misleading advertising claim brought by one bottled water
supplier against a competitor can't hold water unless the
plaintiff (not consumers) relied on the
misrepresentation, the Ontario Superior Court held recently. The court relied on cases that
require consumers to plead that they relied on misleading
ads in order to recover damages. The court imposed this requirement
on all plaintiffs without considering that a claim by a
competitor is different from claim by a consumer.
A misleading advertising claim by one competitor against
another is based on losses caused when consumers (not the
plaintiff competitor) rely on the misleading ads and shift business
away from the plaintiff to the defendant.
Claim struck for lack of reliance
LBI Brands Inc. and AquaTerra Corp. both sell water in large box
format. LBI alleged that AquaTerra reproduced some of LBI's
icons on its packaging in order to target LBI's customers, and
falsely represented to the customers that its water originates from
a certain natural spring, contrary to the CompetitionAct's misleading advertising provisions (section
52). LBI sued for damages under the Competition
Act's statutory cause of action (section 36) (among other
AquaTerra moved to strike, arguing that LBI must plead (and
ultimately establish) that it relied on the misrepresentation to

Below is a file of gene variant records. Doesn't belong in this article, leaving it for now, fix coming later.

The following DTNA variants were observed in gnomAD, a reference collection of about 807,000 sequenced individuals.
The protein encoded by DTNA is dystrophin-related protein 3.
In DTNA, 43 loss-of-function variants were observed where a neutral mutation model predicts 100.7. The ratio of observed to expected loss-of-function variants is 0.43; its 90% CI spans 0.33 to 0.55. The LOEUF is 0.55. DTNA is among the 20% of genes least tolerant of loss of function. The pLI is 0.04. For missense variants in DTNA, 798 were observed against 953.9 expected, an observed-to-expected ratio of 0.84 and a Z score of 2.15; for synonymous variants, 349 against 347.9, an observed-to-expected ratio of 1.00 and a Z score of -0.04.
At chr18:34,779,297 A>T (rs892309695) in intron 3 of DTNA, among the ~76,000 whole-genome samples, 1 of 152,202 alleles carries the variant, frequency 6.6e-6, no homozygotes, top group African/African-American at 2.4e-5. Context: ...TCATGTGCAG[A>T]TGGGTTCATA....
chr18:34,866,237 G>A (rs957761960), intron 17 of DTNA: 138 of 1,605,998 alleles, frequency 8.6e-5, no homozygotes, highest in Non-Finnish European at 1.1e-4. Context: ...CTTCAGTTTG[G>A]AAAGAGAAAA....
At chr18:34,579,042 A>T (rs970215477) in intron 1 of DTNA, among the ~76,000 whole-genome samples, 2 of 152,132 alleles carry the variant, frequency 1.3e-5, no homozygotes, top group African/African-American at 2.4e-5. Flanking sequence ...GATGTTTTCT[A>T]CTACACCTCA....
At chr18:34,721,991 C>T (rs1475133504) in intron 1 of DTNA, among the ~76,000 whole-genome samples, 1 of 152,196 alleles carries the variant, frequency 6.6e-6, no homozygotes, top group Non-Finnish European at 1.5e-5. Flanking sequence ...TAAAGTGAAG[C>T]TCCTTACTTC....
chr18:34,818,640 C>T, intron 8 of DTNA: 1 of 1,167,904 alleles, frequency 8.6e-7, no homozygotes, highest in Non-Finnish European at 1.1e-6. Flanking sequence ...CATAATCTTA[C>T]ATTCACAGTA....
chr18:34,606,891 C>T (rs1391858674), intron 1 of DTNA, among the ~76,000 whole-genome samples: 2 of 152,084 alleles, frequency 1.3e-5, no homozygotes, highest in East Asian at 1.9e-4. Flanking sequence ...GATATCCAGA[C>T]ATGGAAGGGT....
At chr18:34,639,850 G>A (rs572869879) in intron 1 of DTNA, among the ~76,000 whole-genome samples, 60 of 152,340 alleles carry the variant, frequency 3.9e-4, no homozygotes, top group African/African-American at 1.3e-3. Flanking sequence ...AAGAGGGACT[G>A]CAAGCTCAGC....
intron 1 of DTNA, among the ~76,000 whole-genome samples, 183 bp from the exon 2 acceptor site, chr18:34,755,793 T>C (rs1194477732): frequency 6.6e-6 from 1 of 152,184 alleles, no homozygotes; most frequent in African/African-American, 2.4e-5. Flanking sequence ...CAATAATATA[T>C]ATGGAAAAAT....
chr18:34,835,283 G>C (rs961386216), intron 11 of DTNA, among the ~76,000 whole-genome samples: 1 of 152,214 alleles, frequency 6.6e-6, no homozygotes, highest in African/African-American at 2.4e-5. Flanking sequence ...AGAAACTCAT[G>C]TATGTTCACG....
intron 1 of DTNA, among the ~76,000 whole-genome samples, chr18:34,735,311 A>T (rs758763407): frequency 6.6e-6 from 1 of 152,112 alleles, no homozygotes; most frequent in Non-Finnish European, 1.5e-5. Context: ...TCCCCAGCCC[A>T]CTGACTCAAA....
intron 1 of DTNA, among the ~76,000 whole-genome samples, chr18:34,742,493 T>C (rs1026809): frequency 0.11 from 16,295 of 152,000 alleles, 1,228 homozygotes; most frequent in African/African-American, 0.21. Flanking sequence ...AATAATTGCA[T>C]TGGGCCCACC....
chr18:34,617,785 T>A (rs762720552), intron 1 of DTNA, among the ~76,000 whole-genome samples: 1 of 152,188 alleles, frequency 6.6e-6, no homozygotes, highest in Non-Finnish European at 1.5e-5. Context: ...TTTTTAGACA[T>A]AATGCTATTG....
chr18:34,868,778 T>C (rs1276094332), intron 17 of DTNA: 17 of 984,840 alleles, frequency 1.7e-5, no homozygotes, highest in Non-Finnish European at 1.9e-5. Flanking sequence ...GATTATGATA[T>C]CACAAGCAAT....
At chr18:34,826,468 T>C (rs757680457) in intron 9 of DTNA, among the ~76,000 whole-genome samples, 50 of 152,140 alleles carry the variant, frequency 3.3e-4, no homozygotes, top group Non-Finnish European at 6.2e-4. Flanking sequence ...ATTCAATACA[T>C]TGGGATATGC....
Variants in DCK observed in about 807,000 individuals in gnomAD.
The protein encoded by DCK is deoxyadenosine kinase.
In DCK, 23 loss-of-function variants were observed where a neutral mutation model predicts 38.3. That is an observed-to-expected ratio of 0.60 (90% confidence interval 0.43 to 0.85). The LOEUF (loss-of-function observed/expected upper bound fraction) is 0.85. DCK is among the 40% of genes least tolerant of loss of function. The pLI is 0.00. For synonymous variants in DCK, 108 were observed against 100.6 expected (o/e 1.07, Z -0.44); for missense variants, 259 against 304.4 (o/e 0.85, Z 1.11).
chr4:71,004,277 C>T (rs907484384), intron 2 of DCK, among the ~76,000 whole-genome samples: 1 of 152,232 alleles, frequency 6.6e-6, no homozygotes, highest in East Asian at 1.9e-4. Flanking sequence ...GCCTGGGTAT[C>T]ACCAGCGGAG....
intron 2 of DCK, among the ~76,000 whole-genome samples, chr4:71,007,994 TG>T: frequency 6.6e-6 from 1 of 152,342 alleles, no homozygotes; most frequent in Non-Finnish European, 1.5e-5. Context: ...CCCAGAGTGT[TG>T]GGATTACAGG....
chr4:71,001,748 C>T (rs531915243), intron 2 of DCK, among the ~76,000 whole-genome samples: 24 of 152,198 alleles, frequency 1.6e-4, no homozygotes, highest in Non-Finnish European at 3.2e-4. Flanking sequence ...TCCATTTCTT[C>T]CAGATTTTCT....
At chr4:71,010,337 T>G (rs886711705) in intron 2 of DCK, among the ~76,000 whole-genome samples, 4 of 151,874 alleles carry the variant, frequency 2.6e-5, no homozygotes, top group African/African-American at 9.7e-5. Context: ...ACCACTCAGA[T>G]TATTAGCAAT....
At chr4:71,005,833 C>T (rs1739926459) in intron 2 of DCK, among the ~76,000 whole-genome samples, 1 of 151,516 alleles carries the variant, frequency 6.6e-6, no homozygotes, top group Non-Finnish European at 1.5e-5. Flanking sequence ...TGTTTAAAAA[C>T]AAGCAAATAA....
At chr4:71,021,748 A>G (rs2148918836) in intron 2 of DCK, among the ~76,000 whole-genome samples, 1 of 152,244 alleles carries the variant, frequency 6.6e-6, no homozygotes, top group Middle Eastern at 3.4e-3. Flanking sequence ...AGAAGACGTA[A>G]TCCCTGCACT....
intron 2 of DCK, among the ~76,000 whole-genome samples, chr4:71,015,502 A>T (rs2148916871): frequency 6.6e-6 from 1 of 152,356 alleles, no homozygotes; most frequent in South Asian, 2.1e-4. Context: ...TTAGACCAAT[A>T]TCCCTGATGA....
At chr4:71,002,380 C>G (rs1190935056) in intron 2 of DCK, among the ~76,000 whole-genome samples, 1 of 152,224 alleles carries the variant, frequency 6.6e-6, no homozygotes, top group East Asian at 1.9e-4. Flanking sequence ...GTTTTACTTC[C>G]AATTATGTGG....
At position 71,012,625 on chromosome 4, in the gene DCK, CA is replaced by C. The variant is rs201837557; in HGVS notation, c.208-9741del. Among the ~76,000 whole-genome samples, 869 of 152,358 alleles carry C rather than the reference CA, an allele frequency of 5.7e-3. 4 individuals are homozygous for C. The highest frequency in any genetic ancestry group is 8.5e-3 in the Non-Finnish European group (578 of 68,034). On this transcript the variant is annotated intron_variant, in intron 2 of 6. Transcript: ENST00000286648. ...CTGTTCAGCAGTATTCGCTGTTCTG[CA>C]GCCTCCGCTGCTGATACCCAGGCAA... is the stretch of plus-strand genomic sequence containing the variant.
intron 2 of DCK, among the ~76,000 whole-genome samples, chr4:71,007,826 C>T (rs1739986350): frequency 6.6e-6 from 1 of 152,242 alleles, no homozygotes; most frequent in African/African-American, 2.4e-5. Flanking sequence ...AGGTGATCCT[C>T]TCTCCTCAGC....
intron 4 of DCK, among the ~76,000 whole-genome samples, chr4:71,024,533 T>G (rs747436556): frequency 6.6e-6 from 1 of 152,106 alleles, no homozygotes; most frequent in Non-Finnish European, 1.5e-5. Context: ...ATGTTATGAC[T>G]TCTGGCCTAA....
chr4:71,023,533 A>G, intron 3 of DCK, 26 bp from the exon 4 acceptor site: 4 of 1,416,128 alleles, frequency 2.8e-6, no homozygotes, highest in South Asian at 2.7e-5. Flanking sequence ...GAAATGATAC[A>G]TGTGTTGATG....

The court held that LBI's Statement of Claim failed to show
that it suffered a loss as a result of the misrepresentation
made by the defendant, which can only be established by
pleading that LBI relied on the misrepresentation to its detriment.
In reaching this conclusion, the court relied on two cases that
establish that a consumer seeking damages for misleading
advertising must plead and prove reliance (Singer v Schering-Plough Canada
Inc. and Magill v Expedia Canada
The court thus struck LBI's Competition Actclaim,
but granted LBI leave to amend.
The difference between consumer claims and competitor
The court did not take into consideration the difference between
claims by consumers and claims by competitors.
Singer and Magill were actions brought by consumers
who claimed they suffered losses caused by misrepresentations made
by the defendants. LBI's action was brought by a
competitor who claims for losses, not because it relied on
AquaTerra's misrepresentations, but because consumers did.
The cause of action in the Competition Act requires proof
of causation. It makes sense to require consumer plaintiffs to
prove that they suffered damages because they relied on a
misleading ad. But it doesn't make sense to require a
competitor plaintiff to show that it relied on the ad. After all,
advertisements are designed to target consumers, not competitors.
There is no reason why a business would rely or act on the
representations made in its competitor's advertisements. A
competitor suffers harm not because it relies on the ad, but
because consumers do, which causes the plaintiff to lose business.
Therefore, what the competitor plaintiff should have to prove is
that it lost money because consumers relied on the
This case is wrongly decided, in my view.
The plaintiff is appealing.
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